This is a sponsored post written by me on behalf of CORT. All opinions are 100% mine.
While it’s true that there are more adult children living at home today than in previous generations, millennials are actually the largest group of home buyers.
Here’s what you need to know about millennials and home-buying, and how to prepare your children to be future homeowners.
Adult Children Living at Home — Should We Worry?
My husband and I have had the following good-humored conversation a few times when talking about the future for our kids:
Him: “The girls can live with us as long as they want.”
Me: “Sure, until they graduate college!”
Him: “They can live here forever if they want.”
Me: “My goal is to raise them to be independent so they don’t want to live with us forever!”
All joking aside, my husband and I both want to raise strong, financially independent adults. However, so often we see stories about how hard it will be for millennials and future generations to buy homes when they’re ready.
So what’s the deal? Should we be worried as parents?
What you need to know about millennials and home ownership:
A recent article on the CORT blog was pretty eye-opening for me! And it gives me hope that our children will be able (and want) to purchase their own home after graduation.
1. Millennials DO Buy Homes
Despite what you may have heard, millennials (adults born between 1981 and 1997) “are actually the largest generation of home buyers for the fourth consecutive year,” says Jessica Lautz, the National Association of Realtors’ director of survey research.
2. Millennials Have #HomeownerGoals
Despite the stereotypes, millennials aren’t slackers. According to a 2017 Bank of America Homebuyer Insights Report, 25% of millennials hope to buy a home within the next two years.
The report shows that millennials take home ownership very seriously, and consider buying a home to be a crucial part of becoming an adult, as well as a sound financial investment.
3. Millennials May Live with their Parents…but Not Forever
A 2017 report by the National Association of Realtors (NAR) shows 15 percent of people ages 25 to 35 lived with their parents in 2016. But is that such a bad thing?
Lautz explains that “millennials do live with their parents at a higher rate than other generational groups, but that has allowed many to skip renting and save up money for a home.”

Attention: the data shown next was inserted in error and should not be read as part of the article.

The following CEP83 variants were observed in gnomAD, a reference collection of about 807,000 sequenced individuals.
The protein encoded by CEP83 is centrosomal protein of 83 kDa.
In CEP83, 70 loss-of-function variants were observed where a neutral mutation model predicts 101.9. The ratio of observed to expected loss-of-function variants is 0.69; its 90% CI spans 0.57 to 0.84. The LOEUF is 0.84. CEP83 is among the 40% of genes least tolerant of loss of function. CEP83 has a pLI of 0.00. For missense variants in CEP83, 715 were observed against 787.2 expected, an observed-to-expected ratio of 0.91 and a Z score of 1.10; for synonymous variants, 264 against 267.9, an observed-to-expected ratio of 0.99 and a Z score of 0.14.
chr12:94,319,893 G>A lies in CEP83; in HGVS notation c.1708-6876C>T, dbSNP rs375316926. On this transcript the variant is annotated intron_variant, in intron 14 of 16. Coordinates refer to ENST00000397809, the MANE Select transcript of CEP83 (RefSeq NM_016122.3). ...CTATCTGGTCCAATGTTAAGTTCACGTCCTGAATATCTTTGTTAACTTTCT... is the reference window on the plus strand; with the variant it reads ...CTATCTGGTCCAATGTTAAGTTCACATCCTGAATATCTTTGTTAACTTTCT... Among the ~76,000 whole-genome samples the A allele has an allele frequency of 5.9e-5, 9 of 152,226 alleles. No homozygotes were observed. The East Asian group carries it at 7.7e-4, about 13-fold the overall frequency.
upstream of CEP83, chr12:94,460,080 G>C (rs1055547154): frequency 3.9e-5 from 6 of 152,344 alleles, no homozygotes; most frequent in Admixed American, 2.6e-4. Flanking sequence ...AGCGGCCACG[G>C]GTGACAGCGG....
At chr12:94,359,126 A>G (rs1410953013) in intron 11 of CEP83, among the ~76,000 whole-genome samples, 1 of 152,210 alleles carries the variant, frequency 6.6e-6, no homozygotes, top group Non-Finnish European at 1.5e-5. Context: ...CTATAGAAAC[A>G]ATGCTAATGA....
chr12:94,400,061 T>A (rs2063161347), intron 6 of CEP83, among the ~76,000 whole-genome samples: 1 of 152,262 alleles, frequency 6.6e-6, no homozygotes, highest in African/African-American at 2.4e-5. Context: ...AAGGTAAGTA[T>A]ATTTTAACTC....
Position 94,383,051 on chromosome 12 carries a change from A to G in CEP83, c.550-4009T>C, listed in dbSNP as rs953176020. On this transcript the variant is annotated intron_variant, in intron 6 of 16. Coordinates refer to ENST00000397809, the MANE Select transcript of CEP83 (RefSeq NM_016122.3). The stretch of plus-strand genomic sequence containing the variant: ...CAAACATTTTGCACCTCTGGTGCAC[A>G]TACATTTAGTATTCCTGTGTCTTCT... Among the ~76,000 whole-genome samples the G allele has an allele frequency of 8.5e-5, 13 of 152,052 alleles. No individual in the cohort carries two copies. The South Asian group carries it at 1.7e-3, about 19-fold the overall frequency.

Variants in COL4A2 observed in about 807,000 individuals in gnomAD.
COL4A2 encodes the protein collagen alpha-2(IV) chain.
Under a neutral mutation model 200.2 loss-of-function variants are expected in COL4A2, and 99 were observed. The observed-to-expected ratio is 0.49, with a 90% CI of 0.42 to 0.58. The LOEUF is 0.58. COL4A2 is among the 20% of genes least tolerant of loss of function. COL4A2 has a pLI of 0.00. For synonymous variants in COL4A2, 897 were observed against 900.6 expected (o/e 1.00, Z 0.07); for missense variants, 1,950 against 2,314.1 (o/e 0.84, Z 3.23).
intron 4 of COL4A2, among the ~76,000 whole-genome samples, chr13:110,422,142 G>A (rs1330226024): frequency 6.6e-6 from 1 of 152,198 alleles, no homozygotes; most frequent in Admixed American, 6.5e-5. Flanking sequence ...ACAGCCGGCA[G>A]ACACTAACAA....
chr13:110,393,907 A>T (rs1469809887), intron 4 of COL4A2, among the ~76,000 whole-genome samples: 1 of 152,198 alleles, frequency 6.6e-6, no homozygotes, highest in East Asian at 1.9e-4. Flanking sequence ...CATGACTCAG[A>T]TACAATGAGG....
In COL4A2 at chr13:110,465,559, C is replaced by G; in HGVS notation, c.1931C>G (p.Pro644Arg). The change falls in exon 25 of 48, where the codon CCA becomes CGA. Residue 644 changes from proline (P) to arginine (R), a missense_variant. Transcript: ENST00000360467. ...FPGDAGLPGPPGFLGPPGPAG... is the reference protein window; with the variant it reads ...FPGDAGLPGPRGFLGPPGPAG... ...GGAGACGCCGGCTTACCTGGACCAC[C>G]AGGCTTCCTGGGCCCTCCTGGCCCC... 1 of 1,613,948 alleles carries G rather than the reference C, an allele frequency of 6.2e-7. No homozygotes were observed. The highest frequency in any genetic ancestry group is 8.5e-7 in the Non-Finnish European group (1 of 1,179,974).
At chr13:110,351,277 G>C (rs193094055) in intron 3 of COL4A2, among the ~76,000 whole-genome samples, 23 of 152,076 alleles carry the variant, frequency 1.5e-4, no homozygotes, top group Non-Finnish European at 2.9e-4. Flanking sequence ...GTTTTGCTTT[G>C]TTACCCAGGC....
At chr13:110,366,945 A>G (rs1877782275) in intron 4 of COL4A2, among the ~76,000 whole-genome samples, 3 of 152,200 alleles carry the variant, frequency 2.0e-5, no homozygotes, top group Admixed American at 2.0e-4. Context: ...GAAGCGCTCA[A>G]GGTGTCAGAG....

So while home ownership might be delayed for some millennials, statistics show that home ownership is high on their priority list and they are saving.
How You Can Help Your Children Prepare for Future Home Ownership
- Set the example you want them to follow — and it’s never too early to start! Our girls are more than a decade away from worrying about where to live as adults, but we still make it a point to have open and frank discussions about financial responsibility, such as saving and spending within our means.
- Help them research their options — Older (or adult) children might have good intentions, but be unsure where to start when it’s time to save for a home. There are numerous programs that help first time home buyers purchase with lower down payments than the traditional 20%, if you know where to look. Supporting your older children in this time of transition can ensure that it goes smoothly (and quickly).
- Discuss options for their new home — While they rent, or even when they buy their first home, many millennials are hesitant to spend a large chunk of their budget on furniture. Choosing to rent furniture from a company like CORT can ease those worries. (Check out a couple fun living room inspiration boards I created with CORT last year).
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Alanna @ Work Online Sites says
This seems like it will always be a controversial issue. I agree, it is really good to prepare kids from when they are young. My kids are a bit younger, but I have always made it a goal to be teaching them responsibility, independence, and we have started tracking saving for even their small amounts of allowance. Really good to get into the habits while they were young so that it won’t be a shock once it comes time for them to move out.
Stacey aka the Soccer Mom says
Definitely agree that it can be controversial, and what works for one family might not work for another. 🙂
Isabel Freitas says
As soon as we got married, my husband and I made all sorts of financial mistakes that you can make. We got into a huge amount of debt. Then, we took the Financial Peace University course, by Dave Ramsey. Just a month ago, we completely paid off all of our debt and are starting fresh. We have a 1 year old and a 3 year old and we hope to teach them to save and spend within their means, like we do now! We certainly hope they don’t make the mistakes we make. I totally agree with you, that preparing them for the future starts now! 🙂 Awesome post.
Stacey aka the Soccer Mom says
Congratulations on that huge accomplishment!!
It might be a good idea for them to overextend their stay if they need to save money and if they have no kids and unmarried.